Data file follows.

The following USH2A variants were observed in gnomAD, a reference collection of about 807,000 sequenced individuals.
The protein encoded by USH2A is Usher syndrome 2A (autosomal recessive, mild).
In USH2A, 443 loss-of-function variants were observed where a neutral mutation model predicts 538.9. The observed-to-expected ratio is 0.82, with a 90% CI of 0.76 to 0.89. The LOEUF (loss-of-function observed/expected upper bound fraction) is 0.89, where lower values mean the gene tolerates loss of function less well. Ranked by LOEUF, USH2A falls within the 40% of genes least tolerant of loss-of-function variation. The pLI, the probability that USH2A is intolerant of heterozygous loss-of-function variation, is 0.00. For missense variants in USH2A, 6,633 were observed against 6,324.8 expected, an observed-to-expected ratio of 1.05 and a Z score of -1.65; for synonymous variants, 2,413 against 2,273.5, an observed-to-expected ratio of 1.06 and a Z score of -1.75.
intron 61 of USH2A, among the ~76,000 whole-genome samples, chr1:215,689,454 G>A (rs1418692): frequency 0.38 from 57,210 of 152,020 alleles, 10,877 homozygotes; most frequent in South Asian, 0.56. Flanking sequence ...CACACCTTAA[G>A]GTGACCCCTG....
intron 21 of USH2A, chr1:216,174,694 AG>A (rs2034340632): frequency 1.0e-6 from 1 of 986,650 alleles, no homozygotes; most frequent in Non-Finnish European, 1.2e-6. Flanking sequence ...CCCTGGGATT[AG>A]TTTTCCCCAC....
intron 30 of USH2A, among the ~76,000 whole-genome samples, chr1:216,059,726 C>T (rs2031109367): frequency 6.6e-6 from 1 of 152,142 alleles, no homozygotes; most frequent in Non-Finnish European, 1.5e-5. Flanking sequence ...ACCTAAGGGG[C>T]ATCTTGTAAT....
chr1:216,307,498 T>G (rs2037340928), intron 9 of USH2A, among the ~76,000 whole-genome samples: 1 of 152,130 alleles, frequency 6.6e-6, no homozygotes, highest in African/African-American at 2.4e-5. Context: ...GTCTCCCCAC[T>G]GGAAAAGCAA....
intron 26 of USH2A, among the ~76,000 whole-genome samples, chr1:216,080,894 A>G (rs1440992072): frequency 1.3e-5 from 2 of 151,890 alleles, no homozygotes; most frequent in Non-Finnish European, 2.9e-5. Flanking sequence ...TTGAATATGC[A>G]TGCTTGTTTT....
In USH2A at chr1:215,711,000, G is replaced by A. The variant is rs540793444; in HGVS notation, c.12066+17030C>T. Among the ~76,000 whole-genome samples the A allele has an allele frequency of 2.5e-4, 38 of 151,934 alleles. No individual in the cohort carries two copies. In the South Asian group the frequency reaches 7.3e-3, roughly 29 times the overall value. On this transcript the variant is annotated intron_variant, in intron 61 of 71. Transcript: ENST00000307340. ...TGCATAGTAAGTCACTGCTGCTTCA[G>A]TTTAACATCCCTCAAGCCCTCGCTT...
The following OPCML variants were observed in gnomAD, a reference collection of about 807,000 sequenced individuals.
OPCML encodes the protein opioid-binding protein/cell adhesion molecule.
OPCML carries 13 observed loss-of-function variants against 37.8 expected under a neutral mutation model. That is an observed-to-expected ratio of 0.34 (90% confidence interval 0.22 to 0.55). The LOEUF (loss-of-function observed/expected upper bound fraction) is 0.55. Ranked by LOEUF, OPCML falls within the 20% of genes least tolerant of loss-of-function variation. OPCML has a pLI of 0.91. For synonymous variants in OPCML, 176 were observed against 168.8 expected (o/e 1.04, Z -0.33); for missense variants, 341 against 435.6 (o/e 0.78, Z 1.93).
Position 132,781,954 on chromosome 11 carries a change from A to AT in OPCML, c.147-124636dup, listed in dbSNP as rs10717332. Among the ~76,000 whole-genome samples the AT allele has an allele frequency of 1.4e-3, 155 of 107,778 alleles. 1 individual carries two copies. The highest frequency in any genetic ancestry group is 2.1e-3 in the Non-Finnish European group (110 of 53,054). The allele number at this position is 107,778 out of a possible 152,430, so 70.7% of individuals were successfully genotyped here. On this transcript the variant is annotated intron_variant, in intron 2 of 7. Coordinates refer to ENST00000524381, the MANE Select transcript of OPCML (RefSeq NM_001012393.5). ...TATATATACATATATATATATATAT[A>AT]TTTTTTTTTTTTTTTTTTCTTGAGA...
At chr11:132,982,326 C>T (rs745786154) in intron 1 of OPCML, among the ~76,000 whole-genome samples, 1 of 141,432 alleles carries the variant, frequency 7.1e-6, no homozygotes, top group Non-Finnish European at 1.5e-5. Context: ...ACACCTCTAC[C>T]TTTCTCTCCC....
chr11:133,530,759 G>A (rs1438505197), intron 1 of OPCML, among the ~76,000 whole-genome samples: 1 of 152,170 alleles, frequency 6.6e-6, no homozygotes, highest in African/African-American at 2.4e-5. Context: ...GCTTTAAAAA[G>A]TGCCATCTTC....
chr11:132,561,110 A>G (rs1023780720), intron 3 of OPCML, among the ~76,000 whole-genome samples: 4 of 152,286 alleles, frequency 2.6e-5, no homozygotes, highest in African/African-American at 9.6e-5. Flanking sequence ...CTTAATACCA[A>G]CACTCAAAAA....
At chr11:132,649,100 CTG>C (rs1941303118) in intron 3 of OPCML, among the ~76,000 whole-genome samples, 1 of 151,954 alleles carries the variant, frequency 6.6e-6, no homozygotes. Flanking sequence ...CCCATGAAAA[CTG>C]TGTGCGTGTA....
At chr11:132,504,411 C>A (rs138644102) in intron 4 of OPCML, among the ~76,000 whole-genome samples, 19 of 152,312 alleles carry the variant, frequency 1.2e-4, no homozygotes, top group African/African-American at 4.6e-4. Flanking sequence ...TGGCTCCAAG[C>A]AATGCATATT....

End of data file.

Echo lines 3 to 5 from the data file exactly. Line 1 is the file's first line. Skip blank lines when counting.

In USH2A, 443 loss-of-function variants were observed where a neutral mutation model predicts 538.9. The observed-to-expected ratio is 0.82, with a 90% CI of 0.76 to 0.89. The LOEUF (loss-of-function observed/expected upper bound fraction) is 0.89, where lower values mean the gene tolerates loss of function less well. Ranked by LOEUF, USH2A falls within the 40% of genes least tolerant of loss-of-function variation. The pLI, the probability that USH2A is intolerant of heterozygous loss-of-function variation, is 0.00. For missense variants in USH2A, 6,633 were observed against 6,324.8 expected, an observed-to-expected ratio of 1.05 and a Z score of -1.65; for synonymous variants, 2,413 against 2,273.5, an observed-to-expected ratio of 1.06 and a Z score of -1.75.
intron 61 of USH2A, among the ~76,000 whole-genome samples, chr1:215,689,454 G>A (rs1418692): frequency 0.38 from 57,210 of 152,020 alleles, 10,877 homozygotes; most frequent in South Asian, 0.56. Flanking sequence ...CACACCTTAA[G>A]GTGACCCCTG....
intron 21 of USH2A, chr1:216,174,694 AG>A (rs2034340632): frequency 1.0e-6 from 1 of 986,650 alleles, no homozygotes; most frequent in Non-Finnish European, 1.2e-6. Flanking sequence ...CCCTGGGATT[AG>A]TTTTCCCCAC....